4 Ways States Could Spend Big Tobacco’s Money

Just 15 years ago, tobacco companies were told to give $246 billion over 25 years to state governments. During this lawsuit, Mississippi led the pack, with the state attorney general, Mike Moore, filing the first state lawsuit against the tobacco companies, and not without good reason.

While, at the time, the tobacco companies could hold individuals accountable for their choice to smoke and thus not having to pay out on individual lawsuits, Moore contested that, since the states had to cover medical bills for low birthweight babies, heart disease, lung cancer, emphysema, and other tobacco-related health problems, that big tobacco should have to foot some of that bill. He won in the largest civil litigation settlement in history.

Now, about $100 billion of that $246 billion has been paid to states. Part of the settlement money was supposed to go to public service announcements like the infamous Truth campaign and smoking cessation programs, but lots of it came without stipulations, meaning that state governments could use the fund in whatever way they chose. This meant that every new governor could tap the fund dry for things other than anti-smoking public service announcements and/or education.

It could be worse. In Mississippi, as in many states across the nation, teen smoking is down 50 percent and adult smoking is down 25 percent. For that, we have public service announcements, prevention programs and cessation support groups to thank — many of which are funded by the tobacco settlement. However, these funds could be put to better use to make even more of a difference. Here are some more ways states can spend big tobacco’s money to make even more of a dent in their profits.

1. Develop Better Quitting Techniques

Nicotine patches, electronic cigarettes, nicotine gum, prescription medication — all of these methods have proven effective for some who are trying to quit smoking. However, many people don’t quit or delay quitting because it’s hard to do. If the money from big tobacco could fund research whose sole goal was to develop ways to make it easier to quit smoking, more people might take the plunge into a smoke-free life.I

2. Start Publicly-Funded Fitness Centers

Total health is not just about not smoking; it’s about getting a good workout and fueling your body with the right stuff. Many athletes I know wouldn’t touch a cigarette because it would be detrimental to their athletic performance. I also know just as many people who have addictive personalities and, once they realized how good going to the gym could make them feel — and how much better it made them feel than smoking did — decided to quit smoking once and for all.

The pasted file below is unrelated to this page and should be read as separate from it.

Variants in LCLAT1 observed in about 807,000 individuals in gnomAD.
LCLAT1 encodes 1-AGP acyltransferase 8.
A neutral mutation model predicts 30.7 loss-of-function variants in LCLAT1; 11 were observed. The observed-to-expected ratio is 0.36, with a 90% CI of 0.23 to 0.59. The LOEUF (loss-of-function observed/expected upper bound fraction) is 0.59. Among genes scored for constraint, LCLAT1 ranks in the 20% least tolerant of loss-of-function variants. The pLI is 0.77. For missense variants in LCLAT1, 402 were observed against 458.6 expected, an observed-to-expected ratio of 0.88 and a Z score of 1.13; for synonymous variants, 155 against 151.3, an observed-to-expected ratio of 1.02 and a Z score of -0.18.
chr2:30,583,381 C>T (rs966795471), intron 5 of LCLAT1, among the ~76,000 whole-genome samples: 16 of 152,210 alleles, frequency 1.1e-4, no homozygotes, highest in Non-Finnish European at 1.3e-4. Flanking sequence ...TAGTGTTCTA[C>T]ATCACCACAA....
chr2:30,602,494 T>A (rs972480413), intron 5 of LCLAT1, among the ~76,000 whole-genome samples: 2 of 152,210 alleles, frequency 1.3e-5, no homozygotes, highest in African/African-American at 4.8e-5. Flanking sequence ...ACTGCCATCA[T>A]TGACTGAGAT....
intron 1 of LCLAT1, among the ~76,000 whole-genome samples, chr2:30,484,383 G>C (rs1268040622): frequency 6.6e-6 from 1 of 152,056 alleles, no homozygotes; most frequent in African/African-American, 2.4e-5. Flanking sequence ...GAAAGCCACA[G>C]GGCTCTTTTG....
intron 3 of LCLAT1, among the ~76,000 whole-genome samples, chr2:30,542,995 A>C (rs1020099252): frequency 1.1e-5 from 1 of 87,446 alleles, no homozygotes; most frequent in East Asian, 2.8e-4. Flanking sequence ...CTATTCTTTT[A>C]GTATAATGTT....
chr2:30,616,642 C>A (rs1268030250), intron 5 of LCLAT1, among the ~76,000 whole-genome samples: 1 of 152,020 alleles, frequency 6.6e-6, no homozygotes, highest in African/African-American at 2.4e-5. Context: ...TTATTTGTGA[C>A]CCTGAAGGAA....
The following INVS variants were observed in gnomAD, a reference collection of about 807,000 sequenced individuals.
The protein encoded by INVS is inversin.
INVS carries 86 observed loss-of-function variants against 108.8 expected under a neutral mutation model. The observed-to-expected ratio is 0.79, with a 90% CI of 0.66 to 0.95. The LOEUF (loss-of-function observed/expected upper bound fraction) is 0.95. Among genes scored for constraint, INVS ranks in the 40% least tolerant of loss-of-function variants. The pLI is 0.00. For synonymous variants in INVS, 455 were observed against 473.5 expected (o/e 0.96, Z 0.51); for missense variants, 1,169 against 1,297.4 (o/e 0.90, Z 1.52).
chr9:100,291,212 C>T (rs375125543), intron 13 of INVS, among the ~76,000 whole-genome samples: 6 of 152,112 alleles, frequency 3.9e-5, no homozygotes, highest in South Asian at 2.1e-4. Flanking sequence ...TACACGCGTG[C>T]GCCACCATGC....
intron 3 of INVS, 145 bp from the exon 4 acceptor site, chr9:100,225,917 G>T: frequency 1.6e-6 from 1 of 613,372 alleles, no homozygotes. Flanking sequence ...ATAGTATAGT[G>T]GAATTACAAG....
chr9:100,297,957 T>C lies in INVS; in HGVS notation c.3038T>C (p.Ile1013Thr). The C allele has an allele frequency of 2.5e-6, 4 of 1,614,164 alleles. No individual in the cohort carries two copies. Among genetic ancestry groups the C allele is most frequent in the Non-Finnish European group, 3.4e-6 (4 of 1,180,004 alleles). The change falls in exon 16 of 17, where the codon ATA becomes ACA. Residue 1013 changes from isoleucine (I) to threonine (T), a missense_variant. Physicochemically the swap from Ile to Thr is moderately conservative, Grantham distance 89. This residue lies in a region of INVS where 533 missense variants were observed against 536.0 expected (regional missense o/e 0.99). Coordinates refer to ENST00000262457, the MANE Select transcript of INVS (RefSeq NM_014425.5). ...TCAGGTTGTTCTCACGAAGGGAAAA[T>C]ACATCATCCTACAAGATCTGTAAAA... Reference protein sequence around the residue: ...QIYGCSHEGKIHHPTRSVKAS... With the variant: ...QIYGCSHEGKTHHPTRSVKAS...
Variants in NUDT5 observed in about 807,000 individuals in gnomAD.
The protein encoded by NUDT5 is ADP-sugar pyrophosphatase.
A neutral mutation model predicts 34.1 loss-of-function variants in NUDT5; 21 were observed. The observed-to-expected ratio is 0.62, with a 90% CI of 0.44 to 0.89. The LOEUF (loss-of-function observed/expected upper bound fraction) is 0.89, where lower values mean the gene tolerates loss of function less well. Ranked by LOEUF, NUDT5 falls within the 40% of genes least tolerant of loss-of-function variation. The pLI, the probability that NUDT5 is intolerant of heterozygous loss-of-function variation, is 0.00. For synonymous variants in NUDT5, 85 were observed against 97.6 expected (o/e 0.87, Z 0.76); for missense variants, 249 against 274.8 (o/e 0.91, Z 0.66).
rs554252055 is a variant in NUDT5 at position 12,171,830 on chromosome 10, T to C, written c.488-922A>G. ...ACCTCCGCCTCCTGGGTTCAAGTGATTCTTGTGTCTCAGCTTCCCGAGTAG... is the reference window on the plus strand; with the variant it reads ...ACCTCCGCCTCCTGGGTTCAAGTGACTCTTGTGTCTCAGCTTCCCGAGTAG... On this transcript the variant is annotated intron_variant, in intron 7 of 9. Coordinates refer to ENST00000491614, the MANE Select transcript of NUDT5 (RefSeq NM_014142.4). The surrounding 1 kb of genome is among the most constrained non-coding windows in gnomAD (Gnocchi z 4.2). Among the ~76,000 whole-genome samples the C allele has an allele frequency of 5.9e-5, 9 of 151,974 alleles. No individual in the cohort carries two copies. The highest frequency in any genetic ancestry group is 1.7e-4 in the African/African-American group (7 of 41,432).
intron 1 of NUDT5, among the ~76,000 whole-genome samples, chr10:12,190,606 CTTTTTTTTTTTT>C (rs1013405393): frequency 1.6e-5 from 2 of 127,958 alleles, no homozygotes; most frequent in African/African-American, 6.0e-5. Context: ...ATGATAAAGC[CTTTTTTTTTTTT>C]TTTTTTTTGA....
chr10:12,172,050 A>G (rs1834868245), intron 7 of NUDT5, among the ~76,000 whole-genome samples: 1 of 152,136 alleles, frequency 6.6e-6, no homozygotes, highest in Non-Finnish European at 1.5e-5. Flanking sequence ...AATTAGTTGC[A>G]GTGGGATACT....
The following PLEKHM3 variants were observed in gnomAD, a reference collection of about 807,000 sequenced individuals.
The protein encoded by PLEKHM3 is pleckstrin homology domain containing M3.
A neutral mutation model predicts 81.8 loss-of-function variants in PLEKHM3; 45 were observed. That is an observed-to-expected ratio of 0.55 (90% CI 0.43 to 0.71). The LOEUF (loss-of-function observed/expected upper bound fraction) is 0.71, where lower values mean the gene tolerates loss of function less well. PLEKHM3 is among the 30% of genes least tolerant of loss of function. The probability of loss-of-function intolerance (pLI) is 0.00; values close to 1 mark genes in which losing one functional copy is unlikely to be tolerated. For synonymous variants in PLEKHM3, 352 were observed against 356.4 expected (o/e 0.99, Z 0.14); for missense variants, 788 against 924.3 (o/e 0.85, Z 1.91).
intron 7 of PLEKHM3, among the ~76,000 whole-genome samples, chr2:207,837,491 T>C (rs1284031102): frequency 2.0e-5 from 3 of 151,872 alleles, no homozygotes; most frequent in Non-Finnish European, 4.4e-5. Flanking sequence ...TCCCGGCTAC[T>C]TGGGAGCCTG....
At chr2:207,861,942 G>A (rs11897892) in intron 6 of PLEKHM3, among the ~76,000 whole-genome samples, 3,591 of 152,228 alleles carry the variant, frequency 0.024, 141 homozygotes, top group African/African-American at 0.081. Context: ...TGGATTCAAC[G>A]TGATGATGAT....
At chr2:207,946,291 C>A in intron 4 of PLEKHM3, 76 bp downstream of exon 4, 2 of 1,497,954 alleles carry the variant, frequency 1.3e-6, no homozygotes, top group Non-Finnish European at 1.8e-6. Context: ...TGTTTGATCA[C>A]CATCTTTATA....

In fact, a 2006 study in Austria found that people who attempt to quit smoking are more likely to do so if they follow an exercise routine. Publicly-funded fitness centers could aid in reducing smoking by involving kids in free fitness courses at a young enough age that they understand health and wellness before it’s too late, and it can motivate others to stop smoking or not start in the first place.

3. Bring Anti-Tobacco Education into Elementary and High Schools

I cannot stress this enough: stopping the smoking epidemic starts with prevention as the most important element. D.A.R.E. or Drug Abuse Resistance Education has been around since I was in grade school — almost 20 years ago — and, while the program is wildly popular, it has actually been found to be ineffective. We should avoid popular programs like D.A.R.E., but spend the money into more effective programs.

Effective programs should target teenagers, who often start to smoke because they feel insecure and stressed out, and they think cigarettes will make them look cool and reduce their stress level. Programs that take into account cultural and peer issues students face and use those issues to show students how to make smart choices.  This would be a great way to spend big tobacco’s money.

4. Develop a Reward System for Remaining Smoke-Free

Kids and adults both love being rewarded, especially for things they are already doing. Actually, the reason smoking is so addictive is because it tricks the body’s reward system into activating itself. Why don’t we spend some money working on a real reward system that will reward people for not smoking rather than the fake rewards we get from smoking? It would be a complicated thing to do, but if states could develop a reward system for non-smokers with the money big tobacco pays them, it could be cheaper than healthcare costs for those who do smoke.

Why not give non-smokers a refund check at the end of the year, or a little something extra like a gift card or free month at the gym? Rewards help people stay on track, and remind them to do what’s right for themselves.

Photo Credit: Fried Dough


Tricia Hamilton
Tricia Hamilton5 years ago

The taxes for cigarettes were supposed to go for healthcare & the lotto was supposed to go for Education. WHERE IS THIS MONEY??

Bruce K.
Bruce K5 years ago